The classification accuracy of a marker (

*Y*) is most commonly described by the receiver operating characteristic (ROC) curve, a plot of the true positive rate (TPR) versus the false positive rate (FPR) for the set of rules which classify an individual as “test-positive” if

*Y ≥ c*, where the threshold

*c* is varied over all possible values (

Pepe et al., 2001;

Baker, 2003). Equivalently, the ROC curve can be represented as the cumulative distribution function (CDF) of the case marker observations, standardized with respect to the control distribution (

Pepe and Cai, 2004;

Pepe and Longton, 2005). The standardized marker observations, or percentile values, are written as

*pv*_{D} =

*F*(

*Y*_{D}), where

*F* is the right-continuous CDF of

*Y* among controls and

*Y*_{D} denotes a case marker observation. The ROC curve at a FPR of

*f* is

In many settings, covariates should be incorporated into the ROC analysis. First, there are covariates which impact the marker distribution among controls. For example, “center effects” in multi-center studies may affect marker observations. In Section 2, we describe methods for adjusting the ROC curve for such covariates. The associated Stata programs are called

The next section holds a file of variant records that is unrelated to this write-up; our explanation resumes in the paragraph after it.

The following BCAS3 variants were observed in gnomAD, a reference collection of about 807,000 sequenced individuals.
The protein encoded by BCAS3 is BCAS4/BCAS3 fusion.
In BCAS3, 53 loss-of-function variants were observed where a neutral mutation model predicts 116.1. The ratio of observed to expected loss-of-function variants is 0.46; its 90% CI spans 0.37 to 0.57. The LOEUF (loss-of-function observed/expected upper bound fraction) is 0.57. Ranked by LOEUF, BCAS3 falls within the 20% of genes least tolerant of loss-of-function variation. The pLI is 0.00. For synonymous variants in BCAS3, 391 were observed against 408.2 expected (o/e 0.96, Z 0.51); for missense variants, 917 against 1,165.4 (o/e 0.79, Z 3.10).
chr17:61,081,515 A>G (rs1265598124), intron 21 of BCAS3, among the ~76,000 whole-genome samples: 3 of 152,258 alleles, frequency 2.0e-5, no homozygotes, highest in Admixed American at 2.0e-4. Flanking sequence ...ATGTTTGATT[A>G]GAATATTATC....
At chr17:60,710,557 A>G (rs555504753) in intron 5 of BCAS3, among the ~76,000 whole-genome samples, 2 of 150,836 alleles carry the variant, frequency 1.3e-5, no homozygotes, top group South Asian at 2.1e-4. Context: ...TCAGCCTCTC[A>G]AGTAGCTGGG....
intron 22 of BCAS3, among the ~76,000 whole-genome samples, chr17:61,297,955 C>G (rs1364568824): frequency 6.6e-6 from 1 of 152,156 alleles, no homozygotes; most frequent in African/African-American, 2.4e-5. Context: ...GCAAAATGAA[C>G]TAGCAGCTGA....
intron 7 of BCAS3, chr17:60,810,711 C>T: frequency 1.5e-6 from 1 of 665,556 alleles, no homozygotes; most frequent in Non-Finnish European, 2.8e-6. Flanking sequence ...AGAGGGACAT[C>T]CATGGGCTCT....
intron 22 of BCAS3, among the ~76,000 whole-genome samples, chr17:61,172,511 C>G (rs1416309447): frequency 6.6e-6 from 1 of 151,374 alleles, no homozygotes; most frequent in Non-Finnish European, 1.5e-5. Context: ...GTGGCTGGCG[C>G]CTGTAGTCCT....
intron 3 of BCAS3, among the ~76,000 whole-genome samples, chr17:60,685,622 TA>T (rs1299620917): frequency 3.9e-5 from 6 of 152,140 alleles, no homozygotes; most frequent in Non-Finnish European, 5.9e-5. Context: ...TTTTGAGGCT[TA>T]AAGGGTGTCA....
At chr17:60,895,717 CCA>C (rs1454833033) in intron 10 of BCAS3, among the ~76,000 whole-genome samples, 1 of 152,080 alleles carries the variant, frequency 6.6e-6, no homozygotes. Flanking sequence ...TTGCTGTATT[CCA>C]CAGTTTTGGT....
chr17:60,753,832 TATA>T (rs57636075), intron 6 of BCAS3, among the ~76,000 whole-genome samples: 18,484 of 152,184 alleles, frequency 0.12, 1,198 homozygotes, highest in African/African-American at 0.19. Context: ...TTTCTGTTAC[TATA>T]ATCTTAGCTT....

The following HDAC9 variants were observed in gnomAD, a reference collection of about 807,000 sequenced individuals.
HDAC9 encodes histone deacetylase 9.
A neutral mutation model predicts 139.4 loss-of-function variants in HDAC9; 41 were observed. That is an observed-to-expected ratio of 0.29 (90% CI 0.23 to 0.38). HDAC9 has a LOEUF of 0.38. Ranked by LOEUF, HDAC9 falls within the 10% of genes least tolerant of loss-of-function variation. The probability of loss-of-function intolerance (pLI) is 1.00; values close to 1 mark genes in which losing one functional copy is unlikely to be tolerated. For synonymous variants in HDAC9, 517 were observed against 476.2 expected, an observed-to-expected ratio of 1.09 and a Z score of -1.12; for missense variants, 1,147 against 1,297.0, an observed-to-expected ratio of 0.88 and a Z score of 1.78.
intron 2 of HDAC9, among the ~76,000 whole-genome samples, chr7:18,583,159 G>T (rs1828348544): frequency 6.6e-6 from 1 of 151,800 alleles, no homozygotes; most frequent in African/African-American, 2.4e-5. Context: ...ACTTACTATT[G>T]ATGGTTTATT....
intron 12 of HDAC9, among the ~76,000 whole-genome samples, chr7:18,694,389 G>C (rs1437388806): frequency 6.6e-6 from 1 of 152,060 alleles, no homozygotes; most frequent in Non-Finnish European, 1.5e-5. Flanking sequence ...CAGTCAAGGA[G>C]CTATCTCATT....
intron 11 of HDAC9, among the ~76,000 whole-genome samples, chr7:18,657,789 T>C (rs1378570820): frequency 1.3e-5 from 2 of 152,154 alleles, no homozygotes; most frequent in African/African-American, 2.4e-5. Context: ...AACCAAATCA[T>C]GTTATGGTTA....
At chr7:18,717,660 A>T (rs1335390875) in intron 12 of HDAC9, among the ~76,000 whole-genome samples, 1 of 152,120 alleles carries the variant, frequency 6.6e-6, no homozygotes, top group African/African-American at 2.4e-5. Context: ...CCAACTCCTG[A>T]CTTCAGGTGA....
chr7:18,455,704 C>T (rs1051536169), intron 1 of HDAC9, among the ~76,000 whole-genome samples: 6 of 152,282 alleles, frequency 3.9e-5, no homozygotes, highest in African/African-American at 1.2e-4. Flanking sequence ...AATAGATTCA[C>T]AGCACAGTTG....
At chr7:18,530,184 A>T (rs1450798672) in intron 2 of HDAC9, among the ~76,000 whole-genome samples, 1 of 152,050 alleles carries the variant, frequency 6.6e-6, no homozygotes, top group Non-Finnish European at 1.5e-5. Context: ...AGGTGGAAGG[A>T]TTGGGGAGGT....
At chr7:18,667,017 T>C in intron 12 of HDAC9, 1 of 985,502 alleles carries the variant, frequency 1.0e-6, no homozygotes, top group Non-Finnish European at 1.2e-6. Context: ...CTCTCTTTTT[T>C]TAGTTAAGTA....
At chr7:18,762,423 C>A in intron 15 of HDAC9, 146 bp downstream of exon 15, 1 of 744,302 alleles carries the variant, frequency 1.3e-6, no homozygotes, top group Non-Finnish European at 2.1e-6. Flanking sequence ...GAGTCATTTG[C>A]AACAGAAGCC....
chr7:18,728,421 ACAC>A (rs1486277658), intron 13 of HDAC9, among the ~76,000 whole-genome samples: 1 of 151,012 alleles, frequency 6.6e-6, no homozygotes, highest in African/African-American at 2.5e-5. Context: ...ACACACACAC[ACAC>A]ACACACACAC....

`roccurve` and
`comproc`. Other covariates may affect the inherent discriminatory accuracy of the marker (i.e. the ROC curve). For example, disease severity often impacts marker accuracy, with less severe cases being more difficult to distinguish from controls. In Section 3 we describe an ROC regression method which allows the ROC curve to depend on covariates. The associated Stata program is called
`rocreg`. Finally, there are covariates which contribute to discrimination. For example, baseline risk factors for disease provide some ability to discriminate between cases and controls. A common question is how much discriminatory accuracy the marker adds to the known classifiers (i.e. incremental value). In Section 4 we describe methods for evaluating incremental value.

This paper is a companion to another article in this journal (

Pepe et al., 2007) which describes the use of the programs

`roccurve` and

`comproc` for estimating and comparing ROC curves without incorporating covariate information.